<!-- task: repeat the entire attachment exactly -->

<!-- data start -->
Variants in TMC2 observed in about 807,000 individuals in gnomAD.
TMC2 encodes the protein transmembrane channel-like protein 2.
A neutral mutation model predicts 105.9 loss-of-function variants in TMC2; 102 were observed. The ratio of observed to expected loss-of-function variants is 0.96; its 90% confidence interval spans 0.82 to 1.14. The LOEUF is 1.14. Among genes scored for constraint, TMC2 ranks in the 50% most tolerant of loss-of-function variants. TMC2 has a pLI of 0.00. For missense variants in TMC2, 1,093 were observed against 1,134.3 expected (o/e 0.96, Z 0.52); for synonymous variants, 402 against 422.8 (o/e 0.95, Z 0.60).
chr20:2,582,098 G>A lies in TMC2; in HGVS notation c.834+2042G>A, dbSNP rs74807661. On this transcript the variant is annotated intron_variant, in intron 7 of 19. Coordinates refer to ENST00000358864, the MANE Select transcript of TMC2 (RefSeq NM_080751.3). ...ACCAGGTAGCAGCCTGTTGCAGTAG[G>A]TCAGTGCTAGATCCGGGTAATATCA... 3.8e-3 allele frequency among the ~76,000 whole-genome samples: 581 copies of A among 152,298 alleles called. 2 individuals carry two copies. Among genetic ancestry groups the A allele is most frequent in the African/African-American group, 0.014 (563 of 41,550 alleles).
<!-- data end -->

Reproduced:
Variants in TMC2 observed in about 807,000 individuals in gnomAD.
TMC2 encodes the protein transmembrane channel-like protein 2.
A neutral mutation model predicts 105.9 loss-of-function variants in TMC2; 102 were observed. The ratio of observed to expected loss-of-function variants is 0.96; its 90% confidence interval spans 0.82 to 1.14. The LOEUF is 1.14. Among genes scored for constraint, TMC2 ranks in the 50% most tolerant of loss-of-function variants. TMC2 has a pLI of 0.00. For missense variants in TMC2, 1,093 were observed against 1,134.3 expected (o/e 0.96, Z 0.52); for synonymous variants, 402 against 422.8 (o/e 0.95, Z 0.60).
chr20:2,582,098 G>A lies in TMC2; in HGVS notation c.834+2042G>A, dbSNP rs74807661. On this transcript the variant is annotated intron_variant, in intron 7 of 19. Coordinates refer to ENST00000358864, the MANE Select transcript of TMC2 (RefSeq NM_080751.3). ...ACCAGGTAGCAGCCTGTTGCAGTAG[G>A]TCAGTGCTAGATCCGGGTAATATCA... 3.8e-3 allele frequency among the ~76,000 whole-genome samples: 581 copies of A among 152,298 alleles called. 2 individuals carry two copies. Among genetic ancestry groups the A allele is most frequent in the African/African-American group, 0.014 (563 of 41,550 alleles).